Let me be very clear the intention of this joined up thinking is to support and coach staff into better practice.  This work needs to be about how we raise every professional up towards a challenging and aspirational model of great teaching that has been tailored specifically to the school's context and needs.  Here's a reminder from John Tomsett:

Love over fear, always wins.  By committing to support and train teachers through the quality and quantity of training they receive, the school's outcomes will improve. 

I have never met a teacher, who didn't want to improve and do better for the students in their class, but I have met plenty of teachers who struggle to know where to start and which strategies and ideas to prioritise.  In house CPD is key in every teachers' ability to develop and improve.  Managing CPD effectively is key to reducing the variability of teacher performance - we can talk about attainment gap all we like, what has impact is the teaching every student receives.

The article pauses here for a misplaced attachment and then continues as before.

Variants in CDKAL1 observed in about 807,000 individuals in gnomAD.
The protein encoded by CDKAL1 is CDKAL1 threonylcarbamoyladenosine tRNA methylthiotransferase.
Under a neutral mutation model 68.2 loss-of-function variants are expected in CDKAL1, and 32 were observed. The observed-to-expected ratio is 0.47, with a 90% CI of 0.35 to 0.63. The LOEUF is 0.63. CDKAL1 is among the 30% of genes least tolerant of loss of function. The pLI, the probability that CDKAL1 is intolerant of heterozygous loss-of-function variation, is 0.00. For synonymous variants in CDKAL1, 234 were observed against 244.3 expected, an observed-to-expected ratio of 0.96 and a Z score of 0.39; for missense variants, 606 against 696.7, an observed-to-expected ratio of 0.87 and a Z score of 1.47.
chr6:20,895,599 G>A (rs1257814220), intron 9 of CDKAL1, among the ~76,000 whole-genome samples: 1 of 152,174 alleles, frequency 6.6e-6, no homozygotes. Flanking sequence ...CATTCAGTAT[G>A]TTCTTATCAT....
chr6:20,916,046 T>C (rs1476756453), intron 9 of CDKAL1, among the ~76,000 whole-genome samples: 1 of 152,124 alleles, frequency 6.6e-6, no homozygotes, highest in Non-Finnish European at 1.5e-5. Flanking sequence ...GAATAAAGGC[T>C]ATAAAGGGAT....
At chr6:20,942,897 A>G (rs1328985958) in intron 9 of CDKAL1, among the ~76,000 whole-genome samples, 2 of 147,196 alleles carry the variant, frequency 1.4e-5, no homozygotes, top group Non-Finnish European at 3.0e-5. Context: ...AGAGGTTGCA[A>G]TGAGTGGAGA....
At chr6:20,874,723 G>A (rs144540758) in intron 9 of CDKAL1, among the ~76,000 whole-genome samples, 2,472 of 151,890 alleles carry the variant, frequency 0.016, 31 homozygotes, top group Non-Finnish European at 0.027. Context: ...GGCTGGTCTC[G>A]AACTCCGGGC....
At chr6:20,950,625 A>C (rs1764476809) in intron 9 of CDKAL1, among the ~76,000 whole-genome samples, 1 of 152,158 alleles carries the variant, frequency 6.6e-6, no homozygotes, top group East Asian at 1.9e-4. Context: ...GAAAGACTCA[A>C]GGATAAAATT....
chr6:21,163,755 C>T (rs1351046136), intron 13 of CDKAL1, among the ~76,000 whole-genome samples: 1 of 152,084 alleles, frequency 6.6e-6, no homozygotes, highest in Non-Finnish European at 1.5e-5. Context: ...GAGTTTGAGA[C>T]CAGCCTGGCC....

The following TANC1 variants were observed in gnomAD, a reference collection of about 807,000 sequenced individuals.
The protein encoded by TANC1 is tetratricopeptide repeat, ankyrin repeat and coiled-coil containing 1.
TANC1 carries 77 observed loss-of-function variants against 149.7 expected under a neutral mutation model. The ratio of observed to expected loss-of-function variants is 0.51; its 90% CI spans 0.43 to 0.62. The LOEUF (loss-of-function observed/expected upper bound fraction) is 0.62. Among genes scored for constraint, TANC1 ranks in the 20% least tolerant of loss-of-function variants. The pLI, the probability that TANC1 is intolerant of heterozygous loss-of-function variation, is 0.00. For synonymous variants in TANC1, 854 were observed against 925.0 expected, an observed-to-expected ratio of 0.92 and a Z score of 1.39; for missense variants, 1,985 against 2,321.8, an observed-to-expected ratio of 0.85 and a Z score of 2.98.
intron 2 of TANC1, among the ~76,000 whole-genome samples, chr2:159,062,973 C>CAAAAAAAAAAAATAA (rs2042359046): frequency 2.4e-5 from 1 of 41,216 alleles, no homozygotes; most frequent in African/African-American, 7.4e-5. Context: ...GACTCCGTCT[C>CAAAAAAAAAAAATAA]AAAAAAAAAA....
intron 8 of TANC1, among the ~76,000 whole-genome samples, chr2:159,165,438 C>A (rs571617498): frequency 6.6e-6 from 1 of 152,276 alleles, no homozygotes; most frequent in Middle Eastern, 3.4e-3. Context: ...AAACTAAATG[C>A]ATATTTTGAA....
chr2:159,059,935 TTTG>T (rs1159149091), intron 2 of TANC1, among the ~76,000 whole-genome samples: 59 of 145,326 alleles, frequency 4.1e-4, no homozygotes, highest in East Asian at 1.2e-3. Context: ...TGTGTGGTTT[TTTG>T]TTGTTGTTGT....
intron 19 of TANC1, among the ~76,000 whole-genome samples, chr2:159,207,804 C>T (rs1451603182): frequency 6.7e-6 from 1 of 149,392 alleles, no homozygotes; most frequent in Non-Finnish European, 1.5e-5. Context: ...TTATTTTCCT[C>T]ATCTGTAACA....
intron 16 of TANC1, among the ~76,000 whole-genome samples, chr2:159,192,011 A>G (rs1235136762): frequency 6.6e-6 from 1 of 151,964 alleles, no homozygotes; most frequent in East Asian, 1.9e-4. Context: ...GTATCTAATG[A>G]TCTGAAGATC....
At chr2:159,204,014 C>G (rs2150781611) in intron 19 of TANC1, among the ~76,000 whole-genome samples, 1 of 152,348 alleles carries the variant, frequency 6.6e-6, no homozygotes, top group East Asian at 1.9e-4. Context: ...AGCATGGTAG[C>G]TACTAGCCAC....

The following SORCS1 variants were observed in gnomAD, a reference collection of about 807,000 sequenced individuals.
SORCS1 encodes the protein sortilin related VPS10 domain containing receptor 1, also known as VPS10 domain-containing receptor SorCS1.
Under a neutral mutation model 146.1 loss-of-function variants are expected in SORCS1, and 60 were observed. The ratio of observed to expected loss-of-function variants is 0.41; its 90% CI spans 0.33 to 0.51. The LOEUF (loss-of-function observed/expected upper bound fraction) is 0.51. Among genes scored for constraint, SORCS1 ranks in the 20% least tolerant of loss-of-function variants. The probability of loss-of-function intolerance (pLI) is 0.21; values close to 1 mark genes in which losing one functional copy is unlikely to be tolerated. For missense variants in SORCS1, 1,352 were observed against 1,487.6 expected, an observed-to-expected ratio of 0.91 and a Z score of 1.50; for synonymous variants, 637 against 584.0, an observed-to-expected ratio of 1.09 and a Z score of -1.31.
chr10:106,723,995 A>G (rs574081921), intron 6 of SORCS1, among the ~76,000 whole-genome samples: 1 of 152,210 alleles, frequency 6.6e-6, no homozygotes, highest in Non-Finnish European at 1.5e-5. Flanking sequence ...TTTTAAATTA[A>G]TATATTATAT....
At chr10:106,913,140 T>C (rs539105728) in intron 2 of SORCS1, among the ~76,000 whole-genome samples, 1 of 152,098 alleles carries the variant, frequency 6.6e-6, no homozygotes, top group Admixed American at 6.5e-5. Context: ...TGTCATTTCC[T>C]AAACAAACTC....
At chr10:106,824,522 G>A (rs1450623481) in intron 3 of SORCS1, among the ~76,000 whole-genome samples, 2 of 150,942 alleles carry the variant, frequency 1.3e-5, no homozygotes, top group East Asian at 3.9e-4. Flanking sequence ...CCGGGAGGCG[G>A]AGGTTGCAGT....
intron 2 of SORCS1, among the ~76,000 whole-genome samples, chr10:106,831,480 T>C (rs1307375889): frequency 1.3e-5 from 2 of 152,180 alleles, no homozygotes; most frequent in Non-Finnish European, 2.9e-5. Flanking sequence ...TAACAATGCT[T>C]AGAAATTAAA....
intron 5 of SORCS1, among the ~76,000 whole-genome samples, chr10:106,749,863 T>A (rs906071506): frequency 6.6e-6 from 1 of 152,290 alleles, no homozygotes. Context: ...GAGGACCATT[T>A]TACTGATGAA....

Great teaching changes lives.
Great CPD drives it.

Monday, 3 September 2018

Learning about Leading in School

The WHAT of the process: getting the settings right

This used to be the icon for settings back in 1998 when I got my first, brick like mobile phone.  I remember vividly seeing this image and thinking 'That's just like teaching'.  

Odd, but true, let me explain.